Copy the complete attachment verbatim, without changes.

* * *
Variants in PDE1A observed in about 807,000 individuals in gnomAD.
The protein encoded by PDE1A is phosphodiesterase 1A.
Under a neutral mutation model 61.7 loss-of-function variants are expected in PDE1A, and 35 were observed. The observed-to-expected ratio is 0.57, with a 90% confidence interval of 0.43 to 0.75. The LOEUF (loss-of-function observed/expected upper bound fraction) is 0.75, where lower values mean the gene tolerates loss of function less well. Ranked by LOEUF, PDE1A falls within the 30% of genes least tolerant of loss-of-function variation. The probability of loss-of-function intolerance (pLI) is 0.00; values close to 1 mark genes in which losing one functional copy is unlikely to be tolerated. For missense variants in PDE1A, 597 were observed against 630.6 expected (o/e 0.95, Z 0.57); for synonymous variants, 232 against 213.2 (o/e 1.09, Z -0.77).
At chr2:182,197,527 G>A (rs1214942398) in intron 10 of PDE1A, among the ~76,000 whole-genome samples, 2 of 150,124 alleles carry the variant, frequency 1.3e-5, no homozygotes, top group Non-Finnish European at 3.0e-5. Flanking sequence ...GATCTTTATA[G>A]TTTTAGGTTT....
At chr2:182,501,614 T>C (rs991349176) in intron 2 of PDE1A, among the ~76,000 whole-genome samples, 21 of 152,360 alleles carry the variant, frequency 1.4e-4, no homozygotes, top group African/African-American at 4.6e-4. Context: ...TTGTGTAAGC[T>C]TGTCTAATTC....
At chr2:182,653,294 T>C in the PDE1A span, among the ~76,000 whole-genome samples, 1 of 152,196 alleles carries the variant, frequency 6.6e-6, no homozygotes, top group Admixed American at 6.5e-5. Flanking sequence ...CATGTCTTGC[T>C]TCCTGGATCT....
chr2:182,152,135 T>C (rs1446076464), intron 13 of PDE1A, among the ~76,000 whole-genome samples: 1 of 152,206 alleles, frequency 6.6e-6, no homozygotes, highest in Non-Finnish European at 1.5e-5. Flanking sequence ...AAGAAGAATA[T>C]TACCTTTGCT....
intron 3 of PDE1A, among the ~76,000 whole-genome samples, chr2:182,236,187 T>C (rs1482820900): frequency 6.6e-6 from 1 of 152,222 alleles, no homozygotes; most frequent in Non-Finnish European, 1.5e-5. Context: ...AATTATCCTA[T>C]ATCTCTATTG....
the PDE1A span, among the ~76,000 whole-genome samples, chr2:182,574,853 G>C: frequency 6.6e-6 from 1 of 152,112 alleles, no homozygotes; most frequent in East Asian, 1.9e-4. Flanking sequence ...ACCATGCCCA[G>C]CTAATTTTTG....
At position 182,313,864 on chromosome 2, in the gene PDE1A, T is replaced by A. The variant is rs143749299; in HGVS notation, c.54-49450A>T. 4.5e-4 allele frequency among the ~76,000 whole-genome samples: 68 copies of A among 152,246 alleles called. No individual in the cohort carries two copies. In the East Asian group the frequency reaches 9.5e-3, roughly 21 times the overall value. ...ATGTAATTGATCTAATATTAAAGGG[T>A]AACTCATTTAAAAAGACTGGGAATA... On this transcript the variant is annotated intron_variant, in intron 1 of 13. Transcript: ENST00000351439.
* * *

Variants in PDE1A observed in about 807,000 individuals in gnomAD.
The protein encoded by PDE1A is phosphodiesterase 1A.
Under a neutral mutation model 61.7 loss-of-function variants are expected in PDE1A, and 35 were observed. The observed-to-expected ratio is 0.57, with a 90% confidence interval of 0.43 to 0.75. The LOEUF (loss-of-function observed/expected upper bound fraction) is 0.75, where lower values mean the gene tolerates loss of function less well. Ranked by LOEUF, PDE1A falls within the 30% of genes least tolerant of loss-of-function variation. The probability of loss-of-function intolerance (pLI) is 0.00; values close to 1 mark genes in which losing one functional copy is unlikely to be tolerated. For missense variants in PDE1A, 597 were observed against 630.6 expected (o/e 0.95, Z 0.57); for synonymous variants, 232 against 213.2 (o/e 1.09, Z -0.77).
At chr2:182,197,527 G>A (rs1214942398) in intron 10 of PDE1A, among the ~76,000 whole-genome samples, 2 of 150,124 alleles carry the variant, frequency 1.3e-5, no homozygotes, top group Non-Finnish European at 3.0e-5. Flanking sequence ...GATCTTTATA[G>A]TTTTAGGTTT....
At chr2:182,501,614 T>C (rs991349176) in intron 2 of PDE1A, among the ~76,000 whole-genome samples, 21 of 152,360 alleles carry the variant, frequency 1.4e-4, no homozygotes, top group African/African-American at 4.6e-4. Context: ...TTGTGTAAGC[T>C]TGTCTAATTC....
At chr2:182,653,294 T>C in the PDE1A span, among the ~76,000 whole-genome samples, 1 of 152,196 alleles carries the variant, frequency 6.6e-6, no homozygotes, top group Admixed American at 6.5e-5. Flanking sequence ...CATGTCTTGC[T>C]TCCTGGATCT....
chr2:182,152,135 T>C (rs1446076464), intron 13 of PDE1A, among the ~76,000 whole-genome samples: 1 of 152,206 alleles, frequency 6.6e-6, no homozygotes, highest in Non-Finnish European at 1.5e-5. Flanking sequence ...AAGAAGAATA[T>C]TACCTTTGCT....
intron 3 of PDE1A, among the ~76,000 whole-genome samples, chr2:182,236,187 T>C (rs1482820900): frequency 6.6e-6 from 1 of 152,222 alleles, no homozygotes; most frequent in Non-Finnish European, 1.5e-5. Context: ...AATTATCCTA[T>C]ATCTCTATTG....
the PDE1A span, among the ~76,000 whole-genome samples, chr2:182,574,853 G>C: frequency 6.6e-6 from 1 of 152,112 alleles, no homozygotes; most frequent in East Asian, 1.9e-4. Flanking sequence ...ACCATGCCCA[G>C]CTAATTTTTG....
At position 182,313,864 on chromosome 2, in the gene PDE1A, T is replaced by A. The variant is rs143749299; in HGVS notation, c.54-49450A>T. 4.5e-4 allele frequency among the ~76,000 whole-genome samples: 68 copies of A among 152,246 alleles called. No individual in the cohort carries two copies. In the East Asian group the frequency reaches 9.5e-3, roughly 21 times the overall value. ...ATGTAATTGATCTAATATTAAAGGG[T>A]AACTCATTTAAAAAGACTGGGAATA... On this transcript the variant is annotated intron_variant, in intron 1 of 13. Transcript: ENST00000351439.